CEOs That Crashed and Burned in 2022

CEOs That Crashed and Burned in 2022

Conducting a post-mortem of the CEOs terminated from their positions this year. 

As 2022 draws to a close, it is time to sit back and reflect on events that have unfolded this year—the good, the bad and the ugly. We saw massive layoffs in the tech space and a devastating crypto market crash with one crypto company going down after another. You must have seen article after article talking about the situation with Luna and Celsius as well as the recent bankruptcy filings of FTX and BlockFi.

Naturally, when such situations occur, the person handling the overall operations of a company, that is, the chief executive officer (CEO), ends up under scrutiny. If you want to learn more about CEOs who landed their companies in trouble, you have come to the right place! Here is our round-up:

Sam Bankman-Fried 

Bankman-Fried started his career with a stint in the finance world, working as a trader in the American capital market company Jane Street Capital in 2014. He then went on to get involved in trading cryptocurrency in 2017— buying Bitcoin in the U.S. and selling it in Japan for a profit, and by the end of the year, he founded the crypto trading firm Alameda Research. By 2019, he took an even bigger step into the crypto market opening up the Bahamas-based crypto exchange FTX. The company thrived throughout the pandemic and was able to become the second-largest crypto exchange in the world. 

Come November 2022, things took a turn for the worse as FTX had to file for bankruptcy because Bankman-Fried decided to use the money that customers had deposited into it to save his first crypto business, Alameda Research. Soon after filing for bankruptcy, Bankman-Fried stepped down as CEO and apologized for his irrational decisions. Even as he showed remorse for the losses incurred by FTX’s customers, he continues to believe that things could have turned out differently had a buyer’s interest in funding FTX come eight minutes earlier. 

Bob Chapek

Bob Chapek began working with Walt Disney in 1993. He moved across various departments in the company, from leading Disney’s home entertainment business in 2009 to becoming the president of consumer products in 2011 and then becoming the chairman of Walt Disney Parks and Resorts in 2015. He became the seventh CEO of Disney in 2020 after Bob Iger was dismissed. The company had been facing trouble during the pandemic as its Hong Kong and Shanghai parks shut down and it feared the failure of its live-action movie Mulan because theaters in China were not operational. 

During Chapek’s leadership, the company was massively reorganized. The new Media and Entertainment Distribution group was made responsible for the monetization of all content and overseeing the company’s streaming services. A lot of higher-ups in Disney didn’t appreciate this decision because this made them no longer capable of controlling their departmental budgets. By November this year, Chapek was ousted from his position and the former CEO was reinstated. One of the key factors that led to this was the loss of confidence in Chapek from both Wall Street and senior Disney executives. The company had lost US$1.5 billion because of its streaming division, which Chapek had been trying to expand. Disney’s board of directors was especially concerned about Chapek’s response to the losses, which was to conduct layoffs to cut costs. It was this response that finally pushed them over the edge and convinced them to fire Chapek.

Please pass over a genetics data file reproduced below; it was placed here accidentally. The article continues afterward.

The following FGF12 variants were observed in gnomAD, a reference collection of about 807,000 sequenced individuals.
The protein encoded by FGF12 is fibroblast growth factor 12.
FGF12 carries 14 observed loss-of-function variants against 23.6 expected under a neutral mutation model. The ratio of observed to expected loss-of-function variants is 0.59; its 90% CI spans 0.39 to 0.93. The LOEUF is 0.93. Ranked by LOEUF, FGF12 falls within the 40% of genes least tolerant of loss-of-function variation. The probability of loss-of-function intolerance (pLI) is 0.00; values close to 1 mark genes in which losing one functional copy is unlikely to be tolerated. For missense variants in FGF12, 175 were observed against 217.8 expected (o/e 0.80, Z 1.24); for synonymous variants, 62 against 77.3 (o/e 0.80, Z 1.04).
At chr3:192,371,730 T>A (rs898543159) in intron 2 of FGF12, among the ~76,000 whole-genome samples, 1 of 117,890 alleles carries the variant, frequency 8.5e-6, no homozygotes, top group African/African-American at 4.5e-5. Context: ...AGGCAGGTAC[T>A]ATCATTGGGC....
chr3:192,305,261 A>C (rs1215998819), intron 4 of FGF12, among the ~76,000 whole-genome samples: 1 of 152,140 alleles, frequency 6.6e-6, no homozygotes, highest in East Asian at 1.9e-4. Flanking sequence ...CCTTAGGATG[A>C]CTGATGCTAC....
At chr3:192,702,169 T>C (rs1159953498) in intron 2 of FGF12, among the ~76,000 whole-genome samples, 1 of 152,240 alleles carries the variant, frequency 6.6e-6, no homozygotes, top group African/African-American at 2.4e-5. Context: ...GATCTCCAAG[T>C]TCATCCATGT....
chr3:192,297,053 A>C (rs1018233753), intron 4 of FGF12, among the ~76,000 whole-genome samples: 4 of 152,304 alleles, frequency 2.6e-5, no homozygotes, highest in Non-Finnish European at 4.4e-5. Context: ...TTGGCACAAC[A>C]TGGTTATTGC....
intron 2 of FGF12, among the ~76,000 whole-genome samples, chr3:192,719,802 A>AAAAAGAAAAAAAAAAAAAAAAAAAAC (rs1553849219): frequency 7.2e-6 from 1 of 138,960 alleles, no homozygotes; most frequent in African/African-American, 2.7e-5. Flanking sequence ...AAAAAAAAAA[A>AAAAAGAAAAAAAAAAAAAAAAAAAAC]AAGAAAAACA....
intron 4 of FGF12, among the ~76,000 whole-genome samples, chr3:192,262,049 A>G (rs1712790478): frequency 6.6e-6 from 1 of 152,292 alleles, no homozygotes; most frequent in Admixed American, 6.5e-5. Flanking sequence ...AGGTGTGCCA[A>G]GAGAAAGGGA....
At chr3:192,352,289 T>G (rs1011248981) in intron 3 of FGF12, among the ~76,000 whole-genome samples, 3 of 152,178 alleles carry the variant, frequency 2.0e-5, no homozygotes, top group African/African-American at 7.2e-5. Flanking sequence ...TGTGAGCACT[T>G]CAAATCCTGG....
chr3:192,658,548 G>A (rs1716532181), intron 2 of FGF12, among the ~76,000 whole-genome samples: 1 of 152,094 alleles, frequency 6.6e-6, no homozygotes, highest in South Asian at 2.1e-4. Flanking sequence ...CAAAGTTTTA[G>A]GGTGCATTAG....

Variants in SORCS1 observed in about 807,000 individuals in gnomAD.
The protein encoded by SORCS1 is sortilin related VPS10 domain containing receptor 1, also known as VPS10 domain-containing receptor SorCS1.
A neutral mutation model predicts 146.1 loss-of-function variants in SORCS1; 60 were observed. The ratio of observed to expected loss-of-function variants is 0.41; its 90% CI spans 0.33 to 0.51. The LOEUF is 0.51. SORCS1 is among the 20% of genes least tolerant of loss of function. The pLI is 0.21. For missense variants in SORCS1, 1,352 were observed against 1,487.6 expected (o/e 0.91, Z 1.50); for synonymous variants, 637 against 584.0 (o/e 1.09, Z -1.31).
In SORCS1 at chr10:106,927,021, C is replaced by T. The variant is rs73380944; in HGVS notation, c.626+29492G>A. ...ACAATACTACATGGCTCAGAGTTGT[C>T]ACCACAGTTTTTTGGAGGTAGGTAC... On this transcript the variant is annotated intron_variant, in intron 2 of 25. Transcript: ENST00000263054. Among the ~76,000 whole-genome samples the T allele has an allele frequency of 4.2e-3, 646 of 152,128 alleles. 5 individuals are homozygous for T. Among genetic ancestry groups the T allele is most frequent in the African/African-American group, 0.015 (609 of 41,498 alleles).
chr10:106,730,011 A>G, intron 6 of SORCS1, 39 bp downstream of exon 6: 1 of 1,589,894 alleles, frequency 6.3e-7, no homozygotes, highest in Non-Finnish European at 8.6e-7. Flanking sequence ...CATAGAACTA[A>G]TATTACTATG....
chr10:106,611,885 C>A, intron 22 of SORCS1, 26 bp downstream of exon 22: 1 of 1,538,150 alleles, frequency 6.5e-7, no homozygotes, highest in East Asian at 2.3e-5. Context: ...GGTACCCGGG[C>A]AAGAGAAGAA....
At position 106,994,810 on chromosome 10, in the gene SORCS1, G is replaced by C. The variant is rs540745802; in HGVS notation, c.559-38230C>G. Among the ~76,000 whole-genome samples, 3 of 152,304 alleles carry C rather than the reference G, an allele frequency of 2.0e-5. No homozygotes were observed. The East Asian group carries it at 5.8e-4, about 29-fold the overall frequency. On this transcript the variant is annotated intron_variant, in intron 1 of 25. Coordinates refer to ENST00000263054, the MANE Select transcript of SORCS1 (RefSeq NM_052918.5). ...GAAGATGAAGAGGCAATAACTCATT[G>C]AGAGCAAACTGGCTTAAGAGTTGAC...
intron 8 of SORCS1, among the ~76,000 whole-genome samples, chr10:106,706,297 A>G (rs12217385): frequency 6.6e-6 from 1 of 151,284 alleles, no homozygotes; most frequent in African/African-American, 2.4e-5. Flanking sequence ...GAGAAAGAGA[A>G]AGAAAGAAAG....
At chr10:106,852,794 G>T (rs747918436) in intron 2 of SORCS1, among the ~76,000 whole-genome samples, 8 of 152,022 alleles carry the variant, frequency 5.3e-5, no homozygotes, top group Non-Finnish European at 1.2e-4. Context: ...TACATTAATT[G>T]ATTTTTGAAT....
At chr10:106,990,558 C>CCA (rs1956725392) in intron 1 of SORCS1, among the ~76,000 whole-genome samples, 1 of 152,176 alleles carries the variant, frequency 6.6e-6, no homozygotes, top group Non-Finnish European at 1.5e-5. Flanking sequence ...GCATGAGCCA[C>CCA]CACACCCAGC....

Akram Boutros

Dr. Arkam Boutros started his career in healthcare administration as an associate medical director for the New York-based Winthrop-University Hospital Center in 1992 and worked in executive positions at many different hospitals before joining The Metro Health System as the President and CEO in 2013. Under his leadership, Metro Health opened two hospitals, three emergency departments, 10 community health centers and nine pharmacies. He had also successfully taken the hospital’s revenue from US$785 million to over US$1.5 billion

In 2021, after eight years of leading Metro Health, Boutros announced his plans to step down on December 31, 2022. But before he could retire, he was fired from his position as CEO by the hospital’s board of directors. Turns out, Boutros was conducting self-assessments and allocating himself bonuses, which hadn’t been authorized by the board. He paid himself a generous sum of US$1.9 million in bonuses between 2017 and 2022. Upon finding out about the bonuses, the board demanded repayment, and on October 31, Boutros paid back the company over US$2 million and another US$124,000 to the company as interest on the bonuses he had taken. Since being fired, Boutros has filed a lawsuit against Metro Health, claiming that his termination is a form of retaliation for exposing the board’s misconduct. 

From making poor financial decisions to siphoning off company money, these CEOs have been fired for different reasons. But what remains common between all of them is that they all started off with good intentions and were successfully performing their respective roles before things turned sour. Hopefully, these stories help future CEOs learn a little bit more about the path that is ahead of them, informing them of mistakes they must avoid to successfully complete their tenures.  

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Header image courtesy of Evanto.


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